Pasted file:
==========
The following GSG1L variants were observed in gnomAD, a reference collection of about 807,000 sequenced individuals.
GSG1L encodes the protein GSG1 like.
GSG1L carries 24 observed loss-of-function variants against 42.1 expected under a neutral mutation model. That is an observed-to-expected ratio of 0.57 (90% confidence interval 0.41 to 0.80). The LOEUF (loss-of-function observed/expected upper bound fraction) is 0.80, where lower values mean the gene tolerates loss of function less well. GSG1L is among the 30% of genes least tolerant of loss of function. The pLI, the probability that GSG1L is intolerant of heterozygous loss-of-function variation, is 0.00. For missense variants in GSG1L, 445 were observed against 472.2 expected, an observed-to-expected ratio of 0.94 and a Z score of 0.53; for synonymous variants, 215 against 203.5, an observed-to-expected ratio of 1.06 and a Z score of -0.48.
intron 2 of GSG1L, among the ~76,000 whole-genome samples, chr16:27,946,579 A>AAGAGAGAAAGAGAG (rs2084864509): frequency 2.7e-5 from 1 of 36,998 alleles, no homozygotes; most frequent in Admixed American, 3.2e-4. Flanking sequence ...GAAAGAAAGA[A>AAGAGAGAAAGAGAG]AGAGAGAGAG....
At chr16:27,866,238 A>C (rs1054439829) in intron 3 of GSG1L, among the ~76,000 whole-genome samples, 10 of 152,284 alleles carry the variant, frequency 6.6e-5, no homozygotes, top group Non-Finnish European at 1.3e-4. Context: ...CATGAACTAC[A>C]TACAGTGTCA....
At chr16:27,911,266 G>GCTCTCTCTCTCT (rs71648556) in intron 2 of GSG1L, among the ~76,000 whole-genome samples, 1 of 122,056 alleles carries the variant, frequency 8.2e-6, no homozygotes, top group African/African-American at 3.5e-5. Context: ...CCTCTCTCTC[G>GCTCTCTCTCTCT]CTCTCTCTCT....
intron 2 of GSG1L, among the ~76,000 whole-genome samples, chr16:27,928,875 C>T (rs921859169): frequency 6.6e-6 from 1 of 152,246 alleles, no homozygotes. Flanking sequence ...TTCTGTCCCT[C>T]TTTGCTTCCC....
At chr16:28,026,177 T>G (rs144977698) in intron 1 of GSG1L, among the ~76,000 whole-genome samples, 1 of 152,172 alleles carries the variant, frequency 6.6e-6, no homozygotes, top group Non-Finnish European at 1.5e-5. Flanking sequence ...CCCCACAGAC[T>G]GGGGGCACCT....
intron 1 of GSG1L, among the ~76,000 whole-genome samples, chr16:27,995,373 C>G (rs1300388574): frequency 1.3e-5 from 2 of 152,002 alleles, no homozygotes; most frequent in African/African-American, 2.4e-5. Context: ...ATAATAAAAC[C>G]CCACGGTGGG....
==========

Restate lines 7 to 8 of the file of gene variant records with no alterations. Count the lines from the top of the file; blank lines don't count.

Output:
intron 2 of GSG1L, among the ~76,000 whole-genome samples, chr16:27,928,875 C>T (rs921859169): frequency 6.6e-6 from 1 of 152,246 alleles, no homozygotes. Flanking sequence ...TTCTGTCCCT[C>T]TTTGCTTCCC....
At chr16:28,026,177 T>G (rs144977698) in intron 1 of GSG1L, among the ~76,000 whole-genome samples, 1 of 152,172 alleles carries the variant, frequency 6.6e-6, no homozygotes, top group Non-Finnish European at 1.5e-5. Flanking sequence ...CCCCACAGAC[T>G]GGGGGCACCT....